A graduate in linguistics, depending on aptitude, the particular course of study and the teaching methods experienced, typically will have the ability to:
Linguistics is concerned with language in all its forms, spoken, written and signed. A key insight of linguistics is that language and linguistic behaviour are highly structured and the nature of these structures can be elucidated by systematic study using theoretical and empirical methods.
Linguists concern themselves with many different facets of language from the physical properties of the sound waves in utterances to the intentions of speakers towards others in conversations, and the social contexts in which conversations are embedded. Sub branches of linguistics are concerned with how languages are structured, what they have in common, the range of and limits to the differences among them, how they are acquired and used and how they change.
Since language enters into almost every area of human activity, the application of linguistic analysis can be extremely broad. A sample includes teaching and learning particular languages, language issues in new technologies, the development of writing systems, dictionaries, and standardised technical formats for languages, translation between languages, language issues in globalising multilingual and multicultural societies; linguistic difficulties such as aphasia, hearing or speech disorders, communication between peoples with different sociological, cultural and ethnic backgrounds, the revitalisation of endangered languages and the use and abuse of language in legal contexts.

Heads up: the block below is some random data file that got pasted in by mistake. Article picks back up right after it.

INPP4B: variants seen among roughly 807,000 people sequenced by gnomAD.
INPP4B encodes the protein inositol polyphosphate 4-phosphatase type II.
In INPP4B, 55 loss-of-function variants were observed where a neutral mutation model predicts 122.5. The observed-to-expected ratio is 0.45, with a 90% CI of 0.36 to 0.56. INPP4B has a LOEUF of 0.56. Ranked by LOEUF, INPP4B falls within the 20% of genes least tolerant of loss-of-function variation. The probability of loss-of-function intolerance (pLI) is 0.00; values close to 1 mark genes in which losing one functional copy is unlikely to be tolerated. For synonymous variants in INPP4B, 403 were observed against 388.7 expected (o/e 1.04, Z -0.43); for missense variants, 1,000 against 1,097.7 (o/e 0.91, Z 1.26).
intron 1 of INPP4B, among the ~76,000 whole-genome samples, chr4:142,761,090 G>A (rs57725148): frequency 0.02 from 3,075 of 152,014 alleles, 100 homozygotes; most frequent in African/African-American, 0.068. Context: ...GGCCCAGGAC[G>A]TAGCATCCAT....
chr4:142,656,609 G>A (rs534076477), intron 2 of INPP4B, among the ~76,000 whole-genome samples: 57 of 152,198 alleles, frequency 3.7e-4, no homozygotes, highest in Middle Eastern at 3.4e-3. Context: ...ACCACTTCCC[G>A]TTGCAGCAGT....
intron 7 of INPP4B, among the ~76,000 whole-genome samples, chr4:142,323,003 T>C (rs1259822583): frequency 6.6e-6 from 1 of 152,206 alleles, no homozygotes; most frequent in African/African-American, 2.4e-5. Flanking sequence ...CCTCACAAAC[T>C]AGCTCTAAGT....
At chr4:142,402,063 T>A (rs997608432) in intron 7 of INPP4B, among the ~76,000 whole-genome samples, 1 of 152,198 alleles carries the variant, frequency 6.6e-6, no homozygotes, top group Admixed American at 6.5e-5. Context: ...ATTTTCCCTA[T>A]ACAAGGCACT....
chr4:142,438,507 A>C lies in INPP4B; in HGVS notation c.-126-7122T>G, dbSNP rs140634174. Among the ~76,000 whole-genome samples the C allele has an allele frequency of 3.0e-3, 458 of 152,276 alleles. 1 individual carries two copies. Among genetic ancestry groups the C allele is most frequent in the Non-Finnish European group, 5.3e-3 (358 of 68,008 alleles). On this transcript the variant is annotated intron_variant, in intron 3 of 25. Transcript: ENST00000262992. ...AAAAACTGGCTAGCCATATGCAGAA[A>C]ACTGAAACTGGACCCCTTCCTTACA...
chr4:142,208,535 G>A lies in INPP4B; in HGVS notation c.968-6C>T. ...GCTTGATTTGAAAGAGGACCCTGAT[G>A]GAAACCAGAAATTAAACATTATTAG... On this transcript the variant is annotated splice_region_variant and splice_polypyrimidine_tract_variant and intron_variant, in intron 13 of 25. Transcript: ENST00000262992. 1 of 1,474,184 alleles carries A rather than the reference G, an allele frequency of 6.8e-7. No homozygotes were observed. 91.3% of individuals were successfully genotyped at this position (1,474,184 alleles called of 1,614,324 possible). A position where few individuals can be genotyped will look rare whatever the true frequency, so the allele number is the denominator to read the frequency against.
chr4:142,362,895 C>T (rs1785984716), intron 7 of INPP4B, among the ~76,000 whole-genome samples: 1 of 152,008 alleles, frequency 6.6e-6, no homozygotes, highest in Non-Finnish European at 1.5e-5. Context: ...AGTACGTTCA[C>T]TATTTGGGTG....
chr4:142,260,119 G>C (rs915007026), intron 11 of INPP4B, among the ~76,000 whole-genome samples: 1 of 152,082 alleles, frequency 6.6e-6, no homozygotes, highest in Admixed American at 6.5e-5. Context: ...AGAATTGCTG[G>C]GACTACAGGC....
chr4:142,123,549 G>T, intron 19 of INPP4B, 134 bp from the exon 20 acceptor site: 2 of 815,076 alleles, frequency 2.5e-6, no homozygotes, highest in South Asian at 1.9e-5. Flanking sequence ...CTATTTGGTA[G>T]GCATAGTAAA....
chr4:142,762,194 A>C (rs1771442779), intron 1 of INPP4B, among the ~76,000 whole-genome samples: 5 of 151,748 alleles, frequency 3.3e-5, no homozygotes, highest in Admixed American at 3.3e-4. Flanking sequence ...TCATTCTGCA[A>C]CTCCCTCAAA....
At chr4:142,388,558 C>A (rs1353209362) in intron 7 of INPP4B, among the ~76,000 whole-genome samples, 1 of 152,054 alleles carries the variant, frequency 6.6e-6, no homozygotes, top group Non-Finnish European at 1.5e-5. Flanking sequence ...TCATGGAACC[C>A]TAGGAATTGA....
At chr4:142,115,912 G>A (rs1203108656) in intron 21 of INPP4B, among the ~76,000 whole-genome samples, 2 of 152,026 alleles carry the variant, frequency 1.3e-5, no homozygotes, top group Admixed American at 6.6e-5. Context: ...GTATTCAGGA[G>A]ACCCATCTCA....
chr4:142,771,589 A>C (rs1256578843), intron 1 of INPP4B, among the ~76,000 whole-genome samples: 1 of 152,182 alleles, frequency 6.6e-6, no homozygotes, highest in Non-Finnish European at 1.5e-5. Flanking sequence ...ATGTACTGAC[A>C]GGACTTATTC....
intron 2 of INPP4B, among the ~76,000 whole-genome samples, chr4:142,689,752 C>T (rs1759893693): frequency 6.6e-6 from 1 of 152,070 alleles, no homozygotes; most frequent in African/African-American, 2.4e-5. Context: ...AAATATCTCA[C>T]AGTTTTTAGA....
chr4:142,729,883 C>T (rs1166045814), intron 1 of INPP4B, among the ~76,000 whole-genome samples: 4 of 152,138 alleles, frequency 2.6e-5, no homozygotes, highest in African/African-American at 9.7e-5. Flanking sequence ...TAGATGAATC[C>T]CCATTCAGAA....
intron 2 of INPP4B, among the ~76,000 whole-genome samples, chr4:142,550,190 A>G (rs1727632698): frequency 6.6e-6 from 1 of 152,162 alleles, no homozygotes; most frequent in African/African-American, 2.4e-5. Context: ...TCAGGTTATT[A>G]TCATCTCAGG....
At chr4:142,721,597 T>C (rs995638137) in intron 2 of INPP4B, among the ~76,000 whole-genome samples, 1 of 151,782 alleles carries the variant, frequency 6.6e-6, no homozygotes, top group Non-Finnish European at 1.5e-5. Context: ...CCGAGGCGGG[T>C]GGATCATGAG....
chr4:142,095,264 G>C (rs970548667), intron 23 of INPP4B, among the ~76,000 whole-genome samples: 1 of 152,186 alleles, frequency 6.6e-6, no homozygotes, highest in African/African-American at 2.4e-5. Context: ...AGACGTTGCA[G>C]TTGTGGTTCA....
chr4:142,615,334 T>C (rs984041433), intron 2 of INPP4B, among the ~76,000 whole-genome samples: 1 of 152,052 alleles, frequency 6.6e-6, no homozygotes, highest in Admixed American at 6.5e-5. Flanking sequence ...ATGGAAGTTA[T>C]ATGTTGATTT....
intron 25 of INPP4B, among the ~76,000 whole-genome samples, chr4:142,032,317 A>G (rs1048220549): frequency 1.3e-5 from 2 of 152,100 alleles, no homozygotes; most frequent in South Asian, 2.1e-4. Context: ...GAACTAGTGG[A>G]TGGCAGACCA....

The use of language involves cognitive, social and interactional skills and competences and so the intellectual tools applied come from a wide range of disciplines. There is a range of formal, sociological and psychological perspectives on language, as well as viewpoints from practical concerns such as language teaching. Because of this, much of linguistics is interdisciplinary in both the issues it addresses and the methodologies brought to bear.
Linguistics graduates gain a broad range of skills applicable in a variety of occupations. These include broadcasting journalist, Civil Service administrator, teacher of English as a foreign language or second language, interpreter, translator, lexicographer, publishing copy editor, proof reader, speech and language therapist and recruitment consultant.
To check the growing range of resources produced by the Subject Centre to support employability and the use of this profile (including the Skills and Attributes map) go to www.llas.ac.uk/index.aspx.
This profile, produced in 2006, is based on the QAA benchmark to be found at www.qaa.ac.uk/academicinfrastructure/benchmark/honours/default.asp.